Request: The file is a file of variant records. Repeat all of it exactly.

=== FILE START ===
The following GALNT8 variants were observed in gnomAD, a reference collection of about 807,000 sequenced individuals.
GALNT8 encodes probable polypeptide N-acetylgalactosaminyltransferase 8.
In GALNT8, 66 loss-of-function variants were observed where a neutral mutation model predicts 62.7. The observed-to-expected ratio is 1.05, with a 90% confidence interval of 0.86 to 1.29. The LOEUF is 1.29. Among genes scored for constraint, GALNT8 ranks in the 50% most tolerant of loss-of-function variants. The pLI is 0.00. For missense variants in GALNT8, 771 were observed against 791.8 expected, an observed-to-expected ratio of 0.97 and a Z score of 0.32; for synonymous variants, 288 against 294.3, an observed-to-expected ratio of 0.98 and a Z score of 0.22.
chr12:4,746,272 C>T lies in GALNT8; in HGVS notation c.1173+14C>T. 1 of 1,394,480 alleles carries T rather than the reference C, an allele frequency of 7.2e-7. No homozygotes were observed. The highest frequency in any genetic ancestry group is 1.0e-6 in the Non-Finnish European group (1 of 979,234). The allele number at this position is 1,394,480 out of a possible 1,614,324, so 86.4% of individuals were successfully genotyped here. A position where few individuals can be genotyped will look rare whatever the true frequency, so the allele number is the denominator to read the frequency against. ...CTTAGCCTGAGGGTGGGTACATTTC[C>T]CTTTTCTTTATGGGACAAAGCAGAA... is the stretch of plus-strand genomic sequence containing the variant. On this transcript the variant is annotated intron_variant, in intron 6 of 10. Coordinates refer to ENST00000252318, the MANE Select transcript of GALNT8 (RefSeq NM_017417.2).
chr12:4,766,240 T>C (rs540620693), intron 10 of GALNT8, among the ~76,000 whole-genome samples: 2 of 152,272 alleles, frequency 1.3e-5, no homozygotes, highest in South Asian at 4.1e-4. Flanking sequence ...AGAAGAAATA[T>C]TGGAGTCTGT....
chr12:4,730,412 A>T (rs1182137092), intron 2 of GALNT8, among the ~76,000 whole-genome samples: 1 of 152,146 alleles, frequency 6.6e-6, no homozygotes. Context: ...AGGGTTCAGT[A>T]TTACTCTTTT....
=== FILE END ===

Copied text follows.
The following GALNT8 variants were observed in gnomAD, a reference collection of about 807,000 sequenced individuals.
GALNT8 encodes probable polypeptide N-acetylgalactosaminyltransferase 8.
In GALNT8, 66 loss-of-function variants were observed where a neutral mutation model predicts 62.7. The observed-to-expected ratio is 1.05, with a 90% confidence interval of 0.86 to 1.29. The LOEUF is 1.29. Among genes scored for constraint, GALNT8 ranks in the 50% most tolerant of loss-of-function variants. The pLI is 0.00. For missense variants in GALNT8, 771 were observed against 791.8 expected, an observed-to-expected ratio of 0.97 and a Z score of 0.32; for synonymous variants, 288 against 294.3, an observed-to-expected ratio of 0.98 and a Z score of 0.22.
chr12:4,746,272 C>T lies in GALNT8; in HGVS notation c.1173+14C>T. 1 of 1,394,480 alleles carries T rather than the reference C, an allele frequency of 7.2e-7. No homozygotes were observed. The highest frequency in any genetic ancestry group is 1.0e-6 in the Non-Finnish European group (1 of 979,234). The allele number at this position is 1,394,480 out of a possible 1,614,324, so 86.4% of individuals were successfully genotyped here. A position where few individuals can be genotyped will look rare whatever the true frequency, so the allele number is the denominator to read the frequency against. ...CTTAGCCTGAGGGTGGGTACATTTC[C>T]CTTTTCTTTATGGGACAAAGCAGAA... is the stretch of plus-strand genomic sequence containing the variant. On this transcript the variant is annotated intron_variant, in intron 6 of 10. Coordinates refer to ENST00000252318, the MANE Select transcript of GALNT8 (RefSeq NM_017417.2).
chr12:4,766,240 T>C (rs540620693), intron 10 of GALNT8, among the ~76,000 whole-genome samples: 2 of 152,272 alleles, frequency 1.3e-5, no homozygotes, highest in South Asian at 4.1e-4. Flanking sequence ...AGAAGAAATA[T>C]TGGAGTCTGT....
chr12:4,730,412 A>T (rs1182137092), intron 2 of GALNT8, among the ~76,000 whole-genome samples: 1 of 152,146 alleles, frequency 6.6e-6, no homozygotes. Context: ...AGGGTTCAGT[A>T]TTACTCTTTT....